Live Reviews


Islington Academy

When Carling sat down and decided to put on a New Kings concert, I wonder what exactly went through their heads to come up with a grime/crossover act alongside two indie acts. Maybe their tea boy should stop hiding his stash in the kettle, because it really didn’t compute to me.

Still, free drinks [naturally, I was on the Coke] and ten enthusiastic Kano fans made it all worthwhile. The rest of the audience comprised Magic Numbers and Graham Coxon fans, none of whom seemed at all interested in Mr Robinson who strode on stage to a rather muted sounding Home Sweet Home, spilling his rhymes over the drastic staccato beat telling the crowd “if you don’t know K A, you don’t know”.

P’s & Q’s, arguably the best song on his critically acclaimed [and Abjekt top 5’d] album bounced around before the heaviest of bass lines boomed into the crowd’s ears. Kano grew in stature a little during this song, getting over the apathy in front of him, pacing around talking about his gangster lean and telling us why he makes more Ps than fakers do.

The sirens then blared out across the speakers as he rolled into Ghetto Kid, sparking the set into life. What changed the dynamic of the performance was the appearance of his hype man, Ghetto, who thrashed around on stage as if he were listening to Metallica‘s Kill Em All on invisible headphones, barking out his lines with ferocious style and then hooding up for the guitar led Typical Me, which signalled the increase in volume of the sound system. This was the track that finally got some of the non-Kano fans head’s nodding in time as Kano and Ghetto rode over the chugging guitar with presence and gusto.

The next 3 songs were more radio-friendly and included his well received Streets‘ produced single Nite Nite which saw Ghetto replaced on stage by Leo the Lion, much to the delight of two female fans hanging onto the barriers at the front, not least when they were serenaded by K A himself. Sometimes followed with the young MC rapping about how hard it is for him to understand why he’s the popular one, amongst all the grime MCs around him, but on tonight’s performance it’s easy to see why. When Brown Eyes hit, an upbeat piano sampled song, Kano was in his element and as the camera phones were raised up to his “I don’t wanna fall in love” line, a small smile appeared on his face, recognising he really had arrived.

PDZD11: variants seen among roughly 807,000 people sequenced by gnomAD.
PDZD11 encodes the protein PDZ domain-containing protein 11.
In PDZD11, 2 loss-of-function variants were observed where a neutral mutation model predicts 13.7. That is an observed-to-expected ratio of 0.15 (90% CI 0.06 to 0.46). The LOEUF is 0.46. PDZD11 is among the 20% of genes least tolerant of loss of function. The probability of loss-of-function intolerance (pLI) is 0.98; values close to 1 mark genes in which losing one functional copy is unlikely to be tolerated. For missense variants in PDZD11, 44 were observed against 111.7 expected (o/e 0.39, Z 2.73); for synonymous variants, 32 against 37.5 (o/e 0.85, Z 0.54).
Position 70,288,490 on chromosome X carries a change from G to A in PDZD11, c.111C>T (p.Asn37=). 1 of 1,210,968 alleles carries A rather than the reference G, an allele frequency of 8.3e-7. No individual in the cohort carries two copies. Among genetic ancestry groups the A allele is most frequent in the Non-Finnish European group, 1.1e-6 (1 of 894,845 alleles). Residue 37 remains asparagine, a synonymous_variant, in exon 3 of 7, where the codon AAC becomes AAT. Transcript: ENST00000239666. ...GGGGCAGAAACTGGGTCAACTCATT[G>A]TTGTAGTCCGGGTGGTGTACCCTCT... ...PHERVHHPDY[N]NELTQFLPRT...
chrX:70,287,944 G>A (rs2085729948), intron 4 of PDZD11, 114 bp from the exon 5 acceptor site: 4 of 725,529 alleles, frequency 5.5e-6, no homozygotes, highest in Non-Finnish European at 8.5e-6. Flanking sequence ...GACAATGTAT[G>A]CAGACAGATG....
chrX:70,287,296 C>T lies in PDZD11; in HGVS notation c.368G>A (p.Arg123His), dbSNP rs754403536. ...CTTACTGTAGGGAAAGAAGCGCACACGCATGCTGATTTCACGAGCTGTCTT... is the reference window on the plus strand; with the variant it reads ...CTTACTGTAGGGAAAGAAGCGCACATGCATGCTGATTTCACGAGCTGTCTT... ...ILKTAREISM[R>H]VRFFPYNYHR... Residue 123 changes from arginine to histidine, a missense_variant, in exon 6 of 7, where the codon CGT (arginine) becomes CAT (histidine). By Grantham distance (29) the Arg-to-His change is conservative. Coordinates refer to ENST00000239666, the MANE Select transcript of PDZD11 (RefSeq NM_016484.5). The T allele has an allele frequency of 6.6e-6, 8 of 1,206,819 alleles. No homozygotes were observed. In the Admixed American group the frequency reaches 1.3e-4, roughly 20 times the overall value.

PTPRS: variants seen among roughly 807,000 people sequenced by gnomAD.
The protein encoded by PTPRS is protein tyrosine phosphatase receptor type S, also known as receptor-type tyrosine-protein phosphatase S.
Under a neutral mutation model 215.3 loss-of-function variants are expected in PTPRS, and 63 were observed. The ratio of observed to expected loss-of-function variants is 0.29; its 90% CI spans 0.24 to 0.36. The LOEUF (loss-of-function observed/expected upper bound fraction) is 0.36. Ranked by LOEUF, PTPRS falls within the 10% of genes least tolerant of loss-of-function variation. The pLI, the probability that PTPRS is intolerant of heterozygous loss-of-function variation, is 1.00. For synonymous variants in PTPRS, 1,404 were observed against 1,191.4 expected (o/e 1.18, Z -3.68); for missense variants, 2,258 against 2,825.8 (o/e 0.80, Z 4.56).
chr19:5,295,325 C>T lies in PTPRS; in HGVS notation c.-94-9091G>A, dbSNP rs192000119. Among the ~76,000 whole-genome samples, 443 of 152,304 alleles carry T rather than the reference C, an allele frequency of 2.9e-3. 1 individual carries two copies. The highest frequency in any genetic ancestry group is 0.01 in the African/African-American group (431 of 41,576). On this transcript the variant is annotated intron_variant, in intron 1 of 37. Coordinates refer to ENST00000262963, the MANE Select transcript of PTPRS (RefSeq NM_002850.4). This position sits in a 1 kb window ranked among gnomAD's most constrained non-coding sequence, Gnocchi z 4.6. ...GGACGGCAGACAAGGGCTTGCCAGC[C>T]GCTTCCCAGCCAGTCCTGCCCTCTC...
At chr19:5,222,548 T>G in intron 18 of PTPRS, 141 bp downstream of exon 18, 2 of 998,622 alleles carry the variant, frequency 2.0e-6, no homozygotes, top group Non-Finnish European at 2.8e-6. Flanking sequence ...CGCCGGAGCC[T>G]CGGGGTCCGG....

His final track, my personal favourite on the album, the Diplo produced Reload It, saw Dangermouse and the almost epileptic-sounding Demon crash onto the stage. The watery sample over heavy but uplifting drums caused me to lose control of my muscle control and dance around like a fool amongst the static indie fans. When Kano finished by quoting his t-shirt saying “I can spit like an old school MC, A B C, 1 2 3, float like a butterfly, sting like a bee”, you know he really does pack a punch in his delivery and live show.

In all, despite the strange line up, he brought his live set off well after a slowish start. Having MCs around him like Ghetto and Demon certainly helps as they can bring the crowd into a frenzy whilst Kano then mellows them out with his more laid back flow. He certainly was a King of 2005, and 2006 can only get better for the former Chelsea trainee.